a module encapsulating access to the Ispell program.


ispell, when reporting on misspelled words, indicates the string it was unable to verify, as well as its starting offset in the input line. No such information is returned for words which are deemed to be correctly spelled. For example, in a line like ``Can't buy a thrill'', ispell simply reports that the line contained four correctly spelled words.

Lingua::Ispell would like to identify which substrings of the input line are words --- correctly spelled or otherwise. It used to attempt to split the input line into words according to the same rules ispell uses; but that has proven to be very difficult, resulting in both slow and error-prone code.


Lingua::Ispell now operates only in ``terse'' mode. In this mode, only misspelled words are reported. Words which ispell verifies as correctly spelled are silently accepted.

In the report structures returned by "spellcheck()", the 'term' member is now always identical to the 'original' member; of the two, you should probably use the 'term' member. (Also consider the 'offset' member.) ispell does not report this information for correctly spelled words; if at some point in the future this capability is added to ispell, Lingua::Ispell will be updated to take advantage of it.

Use of the $word_chars variable has been removed; setting it no longer has any effect.

"terse_mode()" now does nothing.


# Brief:
use Lingua::Ispell;
Lingua::Ispell::spellcheck( $string );
# or
use Lingua::Ispell qw( spellcheck ); # import the function
spellcheck( $string );
# Useful:
use Lingua::Ispell qw( :all ); # import all symbols
for my $r ( spellcheck( "hello hacking perl shrdlu 42" ) ) {
print "$r->{'type'}: $r->{'term'}\n";


Lingua::Ispell::spellcheck() takes one argument. It must be a string, and it should contain only printable characters. One allowable exception is a terminal newline, which will be chomped off anyway. The line is fed to a coprocess running ispell for analysis. ispell parses the line into ``terms'' according to the language-specific rules in effect.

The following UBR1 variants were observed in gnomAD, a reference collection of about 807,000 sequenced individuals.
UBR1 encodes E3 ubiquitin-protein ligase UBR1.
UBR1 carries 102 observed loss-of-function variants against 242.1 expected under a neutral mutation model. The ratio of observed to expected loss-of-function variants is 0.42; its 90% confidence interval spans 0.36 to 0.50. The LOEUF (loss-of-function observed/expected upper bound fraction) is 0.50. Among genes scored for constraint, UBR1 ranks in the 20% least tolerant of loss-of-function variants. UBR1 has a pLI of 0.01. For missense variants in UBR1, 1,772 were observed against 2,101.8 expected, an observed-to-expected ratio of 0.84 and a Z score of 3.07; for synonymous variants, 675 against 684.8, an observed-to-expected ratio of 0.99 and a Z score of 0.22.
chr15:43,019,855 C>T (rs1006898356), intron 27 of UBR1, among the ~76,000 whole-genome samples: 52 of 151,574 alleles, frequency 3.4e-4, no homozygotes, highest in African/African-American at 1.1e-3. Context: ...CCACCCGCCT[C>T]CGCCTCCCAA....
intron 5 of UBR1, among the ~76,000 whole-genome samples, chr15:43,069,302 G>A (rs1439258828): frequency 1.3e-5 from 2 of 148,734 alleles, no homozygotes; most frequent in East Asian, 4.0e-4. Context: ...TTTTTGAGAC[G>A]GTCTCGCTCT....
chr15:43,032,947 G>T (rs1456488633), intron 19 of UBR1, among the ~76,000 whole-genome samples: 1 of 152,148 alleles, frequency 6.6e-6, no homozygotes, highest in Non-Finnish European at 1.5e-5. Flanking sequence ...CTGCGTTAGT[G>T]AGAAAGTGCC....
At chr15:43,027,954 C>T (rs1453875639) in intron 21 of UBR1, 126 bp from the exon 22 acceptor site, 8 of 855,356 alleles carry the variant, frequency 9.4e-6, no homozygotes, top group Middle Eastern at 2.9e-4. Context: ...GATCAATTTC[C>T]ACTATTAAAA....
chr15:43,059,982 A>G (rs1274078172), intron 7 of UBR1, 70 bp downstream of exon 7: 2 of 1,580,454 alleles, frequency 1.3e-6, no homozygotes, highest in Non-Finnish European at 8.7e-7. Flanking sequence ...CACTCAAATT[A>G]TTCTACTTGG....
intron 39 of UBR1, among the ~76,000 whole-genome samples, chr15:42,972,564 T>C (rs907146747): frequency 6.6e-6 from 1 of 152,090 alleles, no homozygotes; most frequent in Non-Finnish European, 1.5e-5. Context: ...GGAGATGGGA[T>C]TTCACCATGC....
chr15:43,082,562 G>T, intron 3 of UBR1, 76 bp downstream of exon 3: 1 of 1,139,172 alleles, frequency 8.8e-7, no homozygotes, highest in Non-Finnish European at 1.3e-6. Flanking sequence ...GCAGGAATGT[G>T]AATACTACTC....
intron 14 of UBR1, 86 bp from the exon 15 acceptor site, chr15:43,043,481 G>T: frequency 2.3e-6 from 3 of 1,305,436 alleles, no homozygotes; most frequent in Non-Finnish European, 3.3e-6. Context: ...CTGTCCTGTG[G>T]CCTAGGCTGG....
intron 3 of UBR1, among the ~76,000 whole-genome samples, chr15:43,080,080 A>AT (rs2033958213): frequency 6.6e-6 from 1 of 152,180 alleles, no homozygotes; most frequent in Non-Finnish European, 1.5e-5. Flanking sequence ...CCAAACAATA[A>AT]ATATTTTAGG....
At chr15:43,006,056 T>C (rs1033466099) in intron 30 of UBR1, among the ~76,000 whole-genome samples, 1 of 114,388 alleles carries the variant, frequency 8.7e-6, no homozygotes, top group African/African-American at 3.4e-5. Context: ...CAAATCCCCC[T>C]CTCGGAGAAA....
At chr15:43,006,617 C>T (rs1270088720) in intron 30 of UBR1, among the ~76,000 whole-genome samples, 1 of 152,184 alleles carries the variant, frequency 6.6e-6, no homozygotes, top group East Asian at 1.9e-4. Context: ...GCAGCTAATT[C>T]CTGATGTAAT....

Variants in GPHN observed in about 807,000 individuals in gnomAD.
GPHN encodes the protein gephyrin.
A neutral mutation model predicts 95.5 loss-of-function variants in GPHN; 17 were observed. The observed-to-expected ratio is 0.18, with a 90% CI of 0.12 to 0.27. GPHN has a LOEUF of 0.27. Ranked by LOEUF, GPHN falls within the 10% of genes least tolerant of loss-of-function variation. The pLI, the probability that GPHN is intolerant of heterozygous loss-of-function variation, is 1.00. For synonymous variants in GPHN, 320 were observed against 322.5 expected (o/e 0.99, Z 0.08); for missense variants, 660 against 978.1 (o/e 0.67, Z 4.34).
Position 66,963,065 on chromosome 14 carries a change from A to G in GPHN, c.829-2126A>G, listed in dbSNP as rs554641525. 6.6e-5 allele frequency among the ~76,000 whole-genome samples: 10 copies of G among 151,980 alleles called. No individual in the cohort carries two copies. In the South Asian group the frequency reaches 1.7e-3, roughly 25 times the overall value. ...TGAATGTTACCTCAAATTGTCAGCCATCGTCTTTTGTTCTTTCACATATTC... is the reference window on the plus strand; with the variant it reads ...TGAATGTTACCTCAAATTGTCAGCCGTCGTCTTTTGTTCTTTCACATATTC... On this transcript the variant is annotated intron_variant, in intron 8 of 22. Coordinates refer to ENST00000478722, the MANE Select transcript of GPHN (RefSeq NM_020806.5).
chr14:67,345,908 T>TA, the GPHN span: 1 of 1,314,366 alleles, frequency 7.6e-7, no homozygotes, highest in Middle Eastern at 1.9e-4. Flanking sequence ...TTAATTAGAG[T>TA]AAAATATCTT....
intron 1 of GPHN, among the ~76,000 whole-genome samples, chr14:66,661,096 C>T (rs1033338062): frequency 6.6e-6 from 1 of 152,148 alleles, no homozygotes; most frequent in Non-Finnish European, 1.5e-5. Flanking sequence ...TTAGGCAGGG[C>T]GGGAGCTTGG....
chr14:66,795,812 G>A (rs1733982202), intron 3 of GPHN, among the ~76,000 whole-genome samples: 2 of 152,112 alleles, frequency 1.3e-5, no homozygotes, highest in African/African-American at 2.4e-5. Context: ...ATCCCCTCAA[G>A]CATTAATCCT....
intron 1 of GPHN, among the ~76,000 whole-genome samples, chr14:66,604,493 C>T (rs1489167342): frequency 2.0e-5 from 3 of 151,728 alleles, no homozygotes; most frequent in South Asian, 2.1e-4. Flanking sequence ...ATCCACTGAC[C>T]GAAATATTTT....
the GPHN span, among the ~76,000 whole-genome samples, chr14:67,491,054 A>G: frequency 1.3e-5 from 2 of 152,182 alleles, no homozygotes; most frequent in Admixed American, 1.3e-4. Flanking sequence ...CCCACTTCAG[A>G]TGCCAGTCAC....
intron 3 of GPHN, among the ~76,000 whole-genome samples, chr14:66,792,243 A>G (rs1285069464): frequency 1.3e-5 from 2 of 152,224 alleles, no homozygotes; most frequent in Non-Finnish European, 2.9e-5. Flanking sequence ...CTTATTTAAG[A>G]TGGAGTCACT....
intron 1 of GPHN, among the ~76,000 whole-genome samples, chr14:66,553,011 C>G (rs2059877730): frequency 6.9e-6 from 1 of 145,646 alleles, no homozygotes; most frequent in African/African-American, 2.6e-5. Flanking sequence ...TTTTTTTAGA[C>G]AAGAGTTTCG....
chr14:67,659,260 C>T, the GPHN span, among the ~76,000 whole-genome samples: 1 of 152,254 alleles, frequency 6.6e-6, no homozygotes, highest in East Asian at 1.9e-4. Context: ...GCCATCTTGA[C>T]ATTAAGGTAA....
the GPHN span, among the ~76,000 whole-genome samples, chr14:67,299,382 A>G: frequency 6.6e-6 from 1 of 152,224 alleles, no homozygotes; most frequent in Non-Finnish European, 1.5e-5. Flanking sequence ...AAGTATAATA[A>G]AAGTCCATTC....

The result of ispell's analysis of each term is a categorization of the term into one of six types: ok, compound, root, miss, none, and guess. Some of these carry additional information. The first three types are ``correctly'' spelled terms, and the last three are for ``incorrectly'' spelled terms.

Lingua::Ispell::spellcheck returns a list of objects, each corresponding to a term in the spellchecked string. Each object is a hash (hash-ref) with at least two entries: 'term' and 'type'. The former contains the term ispell is reporting on, and the latter is ispell's determination of that term's type (see above). For types 'ok' and 'none', that is all the information there is. For the type 'root', an additional hash entry is present: 'root'. Its value is the word which ispell identified in the dictionary as being the likely root of the current term. For the type 'miss', an additional hash entry is present: 'misses'. Its value is an ref to an array of words which ispell identified as being ``near-misses'' of the current term, when scanning the dictionary.


As mentioned above, "Lingua::Ispell::spellcheck()" currently only reports on misspelled terms.


 use Lingua::Ispell qw( spellcheck );
 for my $r ( spellcheck( "hello hacking perl salmoning fruithammer shrdlu 42" ) ) {
   if ( $r->{'type'} eq 'ok' ) {
     # as in the case of 'hello'
     print "'$r->{'term'}' was found in the dictionary.\n";
   elsif ( $r->{'type'} eq 'root' ) {
     # as in the case of 'hacking'
     print "'$r->{'term'}' can be formed from root '$r->{'root'}'\n";
   elsif ( $r->{'type'} eq 'miss' ) {
     # as in the case of 'perl'
     print "'$r->{'term'}' was not found in the dictionary;\n";
     print "Near misses: @{$r->{'misses'}}\n";
   elsif ( $r->{'type'} eq 'guess' ) {
     # as in the case of 'salmoning'
     print "'$r->{'term'}' was not found in the dictionary;\n";
     print "Root/affix Guesses: @{$r->{'guesses'}}\n";
   elsif ( $r->{'type'} eq 'compound' ) {
     # as in the case of 'fruithammer'
     print "'$r->{'term'}' is a valid compound word.\n";
   elsif ( $r->{'type'} eq 'none' ) {
     # as in the case of 'shrdlu'
     print "No match for term '$r->{'term'}'\n";
   # and numbers are skipped entirely, as in the case of 42.


"Lingua::Ispell::spellcheck()" starts the ispell coprocess if the coprocess seems not to exist. Ordinarily this is simply the first time it's called.

ispell is spawned via the "Open2::open2()" function, which throws an exception (i.e. dies) if the spawn fails. The caller should be prepared to catch this exception --- unless, of course, the default behavior of die is acceptable.